“You know what I do? Don’t laugh,” The 98-year-old Mary said with a sad smile, “I get junk mail, I strip it. And after I strip it, I cut it up small, put it in a bag and put it for garbage.”

For some, Mary’s way of passing time may sound trivial, or even crazy. But for the old woman, it is her way of keeping her sanity.

“I have to do something; otherwise I’d go nuts.” Mary explained.

In a role-reversal, the crew of the Voyager had invited the staff of the center to come and visit Mary in her apartment. This way, they would understand what’s happening in the lives of the elderly they are taking care of, like Mary, when they are alone in their home.

After learning that Mary have to go as far as going over junk mails just to cope with her isolation, one of the nursing home staff broke down and cried. Her heart grieves knowing that senior citizens like Mary have to resort to such activity just so they would not feel so alone.

“I guess I never thought of that, after they leave me, and I go home to my life.” The tearful nursing home staff admitted.

Despite this, the 98-year-old widow is still grateful for the life she has lead. Though she may be alone, she is still thankful that there are still a lot of things that she can do. “I do whatever I can, and when I can’t anymore then I’m done for. I want to do it for as long as I can.” Mary said.

For the 98-year-old Mary, her heart is already full thanks to the filming crew and nursing home staff who gave time and effort to visit her. Thought it is only for a short time, it is more than enough for the old woman. “I love you all for coming. It’s made my day, and I’ll never forget it.”

What the Voyage crew had shown us through their eye-opening documentary is a new discovery for us. But for people like Mary, this is the sad reality that they face every single day of the remaining days of their life. Lilo and Stitch taught us what the beautiful word Ohana is.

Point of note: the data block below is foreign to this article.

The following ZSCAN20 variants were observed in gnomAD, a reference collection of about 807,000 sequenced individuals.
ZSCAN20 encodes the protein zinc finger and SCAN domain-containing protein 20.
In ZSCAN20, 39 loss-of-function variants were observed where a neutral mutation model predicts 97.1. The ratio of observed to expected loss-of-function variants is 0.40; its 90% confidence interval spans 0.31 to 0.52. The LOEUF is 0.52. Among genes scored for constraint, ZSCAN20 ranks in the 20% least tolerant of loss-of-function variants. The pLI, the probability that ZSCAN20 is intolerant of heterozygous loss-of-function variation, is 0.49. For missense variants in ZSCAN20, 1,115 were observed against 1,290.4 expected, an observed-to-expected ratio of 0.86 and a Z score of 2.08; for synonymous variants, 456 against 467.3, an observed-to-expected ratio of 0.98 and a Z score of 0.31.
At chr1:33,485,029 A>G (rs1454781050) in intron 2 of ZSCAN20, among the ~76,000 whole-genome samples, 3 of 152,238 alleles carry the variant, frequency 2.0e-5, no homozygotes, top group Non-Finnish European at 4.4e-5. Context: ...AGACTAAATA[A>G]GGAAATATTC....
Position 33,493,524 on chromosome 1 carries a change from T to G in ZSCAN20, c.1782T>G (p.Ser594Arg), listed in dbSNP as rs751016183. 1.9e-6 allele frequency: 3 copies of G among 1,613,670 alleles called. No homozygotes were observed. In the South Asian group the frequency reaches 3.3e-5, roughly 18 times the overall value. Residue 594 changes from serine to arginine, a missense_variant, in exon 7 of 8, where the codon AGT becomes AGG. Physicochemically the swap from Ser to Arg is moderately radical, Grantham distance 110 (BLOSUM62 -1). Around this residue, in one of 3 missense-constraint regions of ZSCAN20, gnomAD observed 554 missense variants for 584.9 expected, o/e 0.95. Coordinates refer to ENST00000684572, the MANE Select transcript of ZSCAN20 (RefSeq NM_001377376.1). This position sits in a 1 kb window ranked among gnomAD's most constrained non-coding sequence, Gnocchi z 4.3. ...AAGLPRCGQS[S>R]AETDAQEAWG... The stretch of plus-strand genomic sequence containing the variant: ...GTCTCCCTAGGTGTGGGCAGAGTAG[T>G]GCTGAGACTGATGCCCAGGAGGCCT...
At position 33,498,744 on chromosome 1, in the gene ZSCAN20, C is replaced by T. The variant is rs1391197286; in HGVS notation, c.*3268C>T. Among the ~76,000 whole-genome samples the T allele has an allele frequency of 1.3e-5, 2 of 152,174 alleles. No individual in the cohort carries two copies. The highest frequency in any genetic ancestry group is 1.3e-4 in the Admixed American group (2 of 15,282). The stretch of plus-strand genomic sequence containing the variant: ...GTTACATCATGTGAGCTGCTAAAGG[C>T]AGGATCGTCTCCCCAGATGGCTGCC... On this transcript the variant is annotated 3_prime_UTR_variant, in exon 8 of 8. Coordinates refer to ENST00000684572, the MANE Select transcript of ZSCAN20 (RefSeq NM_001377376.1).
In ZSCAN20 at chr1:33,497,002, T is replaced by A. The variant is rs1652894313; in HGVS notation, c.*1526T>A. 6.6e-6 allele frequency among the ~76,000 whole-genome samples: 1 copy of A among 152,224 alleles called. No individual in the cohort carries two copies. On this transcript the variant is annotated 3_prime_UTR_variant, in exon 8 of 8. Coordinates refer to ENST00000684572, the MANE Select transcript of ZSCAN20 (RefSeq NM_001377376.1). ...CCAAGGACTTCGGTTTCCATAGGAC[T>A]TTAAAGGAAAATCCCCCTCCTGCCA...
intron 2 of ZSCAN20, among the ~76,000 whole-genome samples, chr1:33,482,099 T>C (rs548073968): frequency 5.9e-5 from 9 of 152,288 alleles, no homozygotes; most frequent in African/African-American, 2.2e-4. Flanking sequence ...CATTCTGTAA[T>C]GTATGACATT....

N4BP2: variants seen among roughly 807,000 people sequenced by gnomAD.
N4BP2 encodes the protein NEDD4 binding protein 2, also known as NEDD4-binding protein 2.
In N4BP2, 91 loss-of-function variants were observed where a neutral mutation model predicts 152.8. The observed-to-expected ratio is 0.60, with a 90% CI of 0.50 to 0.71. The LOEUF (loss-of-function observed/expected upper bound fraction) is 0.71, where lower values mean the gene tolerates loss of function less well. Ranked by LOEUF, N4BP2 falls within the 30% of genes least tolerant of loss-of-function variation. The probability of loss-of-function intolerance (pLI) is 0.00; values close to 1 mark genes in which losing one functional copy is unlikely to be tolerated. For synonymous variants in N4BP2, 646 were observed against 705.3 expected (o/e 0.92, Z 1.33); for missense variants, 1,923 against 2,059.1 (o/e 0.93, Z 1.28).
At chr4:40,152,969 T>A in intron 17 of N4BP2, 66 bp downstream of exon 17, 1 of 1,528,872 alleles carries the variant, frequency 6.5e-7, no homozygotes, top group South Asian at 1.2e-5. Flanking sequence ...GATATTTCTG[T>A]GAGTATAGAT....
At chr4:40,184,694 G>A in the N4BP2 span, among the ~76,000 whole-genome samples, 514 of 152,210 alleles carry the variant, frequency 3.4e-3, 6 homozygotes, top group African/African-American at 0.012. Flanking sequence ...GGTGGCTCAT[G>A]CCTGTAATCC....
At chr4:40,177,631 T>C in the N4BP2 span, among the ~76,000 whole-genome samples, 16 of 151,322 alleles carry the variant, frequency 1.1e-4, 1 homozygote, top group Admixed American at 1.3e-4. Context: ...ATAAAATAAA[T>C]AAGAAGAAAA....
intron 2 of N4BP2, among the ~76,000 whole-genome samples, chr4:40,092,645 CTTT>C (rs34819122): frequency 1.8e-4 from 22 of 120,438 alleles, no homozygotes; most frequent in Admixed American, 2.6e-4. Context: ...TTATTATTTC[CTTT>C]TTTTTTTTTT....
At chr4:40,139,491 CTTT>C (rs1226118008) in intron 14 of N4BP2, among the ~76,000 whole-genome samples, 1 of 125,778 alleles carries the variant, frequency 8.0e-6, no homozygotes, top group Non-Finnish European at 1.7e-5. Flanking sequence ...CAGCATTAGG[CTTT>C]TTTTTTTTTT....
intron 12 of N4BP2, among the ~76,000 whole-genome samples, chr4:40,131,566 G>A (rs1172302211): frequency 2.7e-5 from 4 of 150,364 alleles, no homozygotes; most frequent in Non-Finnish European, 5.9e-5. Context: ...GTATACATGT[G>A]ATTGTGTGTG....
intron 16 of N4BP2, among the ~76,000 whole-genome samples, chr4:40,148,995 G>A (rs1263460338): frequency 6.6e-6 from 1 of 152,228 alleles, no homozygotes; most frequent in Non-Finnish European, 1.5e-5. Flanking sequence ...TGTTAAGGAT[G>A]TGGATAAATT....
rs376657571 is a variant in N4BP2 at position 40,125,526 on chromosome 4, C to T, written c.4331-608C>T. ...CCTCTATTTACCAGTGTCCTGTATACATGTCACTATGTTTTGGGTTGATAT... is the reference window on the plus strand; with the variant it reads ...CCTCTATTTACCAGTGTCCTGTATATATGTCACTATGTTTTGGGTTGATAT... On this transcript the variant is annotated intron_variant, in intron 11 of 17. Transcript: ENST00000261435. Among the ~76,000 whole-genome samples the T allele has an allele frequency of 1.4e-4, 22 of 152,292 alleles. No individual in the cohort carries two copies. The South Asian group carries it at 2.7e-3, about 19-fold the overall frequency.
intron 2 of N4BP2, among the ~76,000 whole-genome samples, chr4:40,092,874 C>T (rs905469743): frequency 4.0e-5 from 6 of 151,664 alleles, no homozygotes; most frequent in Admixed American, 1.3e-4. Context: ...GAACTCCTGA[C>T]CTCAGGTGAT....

“Ohana means family. Family means nobody gets left behind or forgotten.” There may not be a law stating that we are legally held responsible to take care of the old members of our family. But may our minds not forget about the experiences we made together with them. May our hearts not forget that their old age does not make them any less of a family. And family sticks together through thick and thin.

Watch the heartbreaking reality the 98-year-old Mary deals with everyday in a documentary below. This is how life looks like for Mary and the rest of the 11 millions 65-year-old and above elderly living alone. May this documentary touch our hearts to reach out to them so they would never have to feel alone.

2 thoughts on “This documentary shows the life of the forgotten elderly on the remaining days of their existence”

  1. Where have we gone wrong. Farming our elders out to strangers and walking out of their lives completely is such a stunningly bereft thing to do. My hat is off to anyone who still has enough of their humanity intact to care for an elder family member, we are blessed to know you.